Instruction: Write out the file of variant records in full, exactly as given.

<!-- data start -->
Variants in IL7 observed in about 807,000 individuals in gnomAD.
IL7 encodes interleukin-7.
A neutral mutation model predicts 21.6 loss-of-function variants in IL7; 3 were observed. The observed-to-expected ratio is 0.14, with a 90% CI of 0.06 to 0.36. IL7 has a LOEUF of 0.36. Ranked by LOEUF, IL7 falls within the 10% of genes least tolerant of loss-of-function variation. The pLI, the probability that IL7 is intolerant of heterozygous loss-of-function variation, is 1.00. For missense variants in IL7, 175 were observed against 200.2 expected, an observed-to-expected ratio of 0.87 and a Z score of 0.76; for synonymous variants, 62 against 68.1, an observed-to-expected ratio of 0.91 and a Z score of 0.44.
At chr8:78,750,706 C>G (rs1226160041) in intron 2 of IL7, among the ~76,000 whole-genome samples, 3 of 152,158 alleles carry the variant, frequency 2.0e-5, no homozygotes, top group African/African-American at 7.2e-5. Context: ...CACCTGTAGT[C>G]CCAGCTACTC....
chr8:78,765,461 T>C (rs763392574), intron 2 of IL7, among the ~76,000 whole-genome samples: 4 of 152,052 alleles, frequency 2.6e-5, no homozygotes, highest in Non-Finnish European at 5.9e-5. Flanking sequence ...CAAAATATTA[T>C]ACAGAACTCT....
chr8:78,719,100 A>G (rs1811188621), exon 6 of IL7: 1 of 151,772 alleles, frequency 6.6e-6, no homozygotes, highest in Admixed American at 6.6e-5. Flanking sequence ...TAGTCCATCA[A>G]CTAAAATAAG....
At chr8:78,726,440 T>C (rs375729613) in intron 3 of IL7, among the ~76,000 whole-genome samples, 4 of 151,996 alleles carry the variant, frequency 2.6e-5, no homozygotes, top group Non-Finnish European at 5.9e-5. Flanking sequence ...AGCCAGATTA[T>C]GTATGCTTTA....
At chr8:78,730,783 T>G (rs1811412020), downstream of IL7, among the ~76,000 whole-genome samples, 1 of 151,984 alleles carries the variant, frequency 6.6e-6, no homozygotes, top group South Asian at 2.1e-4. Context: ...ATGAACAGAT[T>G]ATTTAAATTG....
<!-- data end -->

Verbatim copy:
Variants in IL7 observed in about 807,000 individuals in gnomAD.
IL7 encodes interleukin-7.
A neutral mutation model predicts 21.6 loss-of-function variants in IL7; 3 were observed. The observed-to-expected ratio is 0.14, with a 90% CI of 0.06 to 0.36. IL7 has a LOEUF of 0.36. Ranked by LOEUF, IL7 falls within the 10% of genes least tolerant of loss-of-function variation. The pLI, the probability that IL7 is intolerant of heterozygous loss-of-function variation, is 1.00. For missense variants in IL7, 175 were observed against 200.2 expected, an observed-to-expected ratio of 0.87 and a Z score of 0.76; for synonymous variants, 62 against 68.1, an observed-to-expected ratio of 0.91 and a Z score of 0.44.
At chr8:78,750,706 C>G (rs1226160041) in intron 2 of IL7, among the ~76,000 whole-genome samples, 3 of 152,158 alleles carry the variant, frequency 2.0e-5, no homozygotes, top group African/African-American at 7.2e-5. Context: ...CACCTGTAGT[C>G]CCAGCTACTC....
chr8:78,765,461 T>C (rs763392574), intron 2 of IL7, among the ~76,000 whole-genome samples: 4 of 152,052 alleles, frequency 2.6e-5, no homozygotes, highest in Non-Finnish European at 5.9e-5. Flanking sequence ...CAAAATATTA[T>C]ACAGAACTCT....
chr8:78,719,100 A>G (rs1811188621), exon 6 of IL7: 1 of 151,772 alleles, frequency 6.6e-6, no homozygotes, highest in Admixed American at 6.6e-5. Flanking sequence ...TAGTCCATCA[A>G]CTAAAATAAG....
At chr8:78,726,440 T>C (rs375729613) in intron 3 of IL7, among the ~76,000 whole-genome samples, 4 of 151,996 alleles carry the variant, frequency 2.6e-5, no homozygotes, top group Non-Finnish European at 5.9e-5. Flanking sequence ...AGCCAGATTA[T>C]GTATGCTTTA....
At chr8:78,730,783 T>G (rs1811412020), downstream of IL7, among the ~76,000 whole-genome samples, 1 of 151,984 alleles carries the variant, frequency 6.6e-6, no homozygotes, top group South Asian at 2.1e-4. Context: ...ATGAACAGAT[T>G]ATTTAAATTG....